I decided to write this post after I recently came across a fellow mom blog who had a detailed bucket list of things she would like to do in her life before she kicks it. Swimming with dolphins was one of them.
I’m not linking to this woman’s blog, who happens to be a TV news reporter, as she doesn’t need to be attacked by animal rights activists. But as a fellow parent who’s job it is to teach our children compassion and as a fellow writer and sometimes journalist who’s job requires being a savvy researcher, I was disappointed to see that swimming with dolphins was up there with visiting another country and opening a 401(k).
I don’t think people understand that more harm than good is being done when you swim with dolphins who are in captive environments. So here it is folks…
For starters, the capturing of dolphins is traumatic and stressful and often results in injury and death.
Dolphins are trained to look as if they perform because they like it. This isn’t the case. Tailwalking and playing ball are trained behaviors that do not occur in the wild. Dolphins perform because they have been deprived of food. Hold food in front of me when I am famished and I too would jump through hoops to get to it.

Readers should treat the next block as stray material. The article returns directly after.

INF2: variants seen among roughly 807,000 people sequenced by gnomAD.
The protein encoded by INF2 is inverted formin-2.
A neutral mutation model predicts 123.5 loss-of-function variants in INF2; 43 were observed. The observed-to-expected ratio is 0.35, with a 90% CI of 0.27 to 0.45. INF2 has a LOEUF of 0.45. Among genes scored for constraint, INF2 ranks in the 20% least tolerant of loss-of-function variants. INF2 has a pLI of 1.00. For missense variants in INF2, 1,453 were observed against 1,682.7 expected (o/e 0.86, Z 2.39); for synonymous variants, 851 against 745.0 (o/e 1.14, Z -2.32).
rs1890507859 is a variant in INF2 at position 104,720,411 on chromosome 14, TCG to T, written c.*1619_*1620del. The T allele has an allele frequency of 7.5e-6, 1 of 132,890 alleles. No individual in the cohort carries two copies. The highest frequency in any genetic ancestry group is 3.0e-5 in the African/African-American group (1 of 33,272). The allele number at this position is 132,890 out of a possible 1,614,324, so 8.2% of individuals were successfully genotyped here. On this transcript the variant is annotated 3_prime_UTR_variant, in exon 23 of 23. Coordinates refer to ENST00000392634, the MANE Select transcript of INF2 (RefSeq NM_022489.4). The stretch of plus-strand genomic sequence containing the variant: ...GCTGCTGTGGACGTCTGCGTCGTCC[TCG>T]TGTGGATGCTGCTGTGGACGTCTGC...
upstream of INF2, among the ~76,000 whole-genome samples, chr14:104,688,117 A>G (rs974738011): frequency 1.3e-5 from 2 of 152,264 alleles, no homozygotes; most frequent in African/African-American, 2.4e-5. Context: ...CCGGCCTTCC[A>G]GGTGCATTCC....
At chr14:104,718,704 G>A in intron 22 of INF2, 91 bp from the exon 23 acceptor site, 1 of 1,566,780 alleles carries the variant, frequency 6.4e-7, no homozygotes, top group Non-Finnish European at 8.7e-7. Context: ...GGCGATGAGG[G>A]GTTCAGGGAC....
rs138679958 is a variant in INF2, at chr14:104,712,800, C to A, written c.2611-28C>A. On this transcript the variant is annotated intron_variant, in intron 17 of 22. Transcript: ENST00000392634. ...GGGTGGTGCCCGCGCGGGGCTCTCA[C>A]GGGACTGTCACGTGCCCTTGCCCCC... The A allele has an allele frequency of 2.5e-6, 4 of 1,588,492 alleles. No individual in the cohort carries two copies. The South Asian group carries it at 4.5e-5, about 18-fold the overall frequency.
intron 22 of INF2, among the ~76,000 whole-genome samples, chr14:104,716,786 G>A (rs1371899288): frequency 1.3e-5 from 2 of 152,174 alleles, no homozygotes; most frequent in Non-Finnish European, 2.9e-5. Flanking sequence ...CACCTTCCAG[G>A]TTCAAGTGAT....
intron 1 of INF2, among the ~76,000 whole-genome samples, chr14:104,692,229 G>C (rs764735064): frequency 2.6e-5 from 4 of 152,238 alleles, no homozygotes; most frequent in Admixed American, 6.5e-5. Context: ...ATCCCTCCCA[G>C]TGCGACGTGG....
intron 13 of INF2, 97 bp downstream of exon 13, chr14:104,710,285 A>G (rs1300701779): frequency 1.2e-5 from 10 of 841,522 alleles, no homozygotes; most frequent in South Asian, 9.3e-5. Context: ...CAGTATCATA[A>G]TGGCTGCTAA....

Most captive dolphins are confined in minuscule tanks containing chemically treated artificial seawater. Dolphins in a tank are severely restricted in using their highly developed sonar, which is one of the most damaging aspects of captivity. It is similar to forcing a person to live in a maze of mirrors for the rest of their life – their image always bouncing back with no clear direction in sight.
Perhaps the saddest part of dolphin captivity is how short their lives are. The average life span of a dolphin in the wild is 45 years; yet half of all captured dolphins die within their first two years of captivity. The survivors last an average of only five years in captivity.
Wild dolphins can swim 40 to 100 miles per day – in pools they go around in circles.
These are simple facts that people and especially parents, should know. If you think it would be cute to get snapshots of your spawn swimming with dolphins during your next vacation to Atlantis in the Bahamas, please, think again.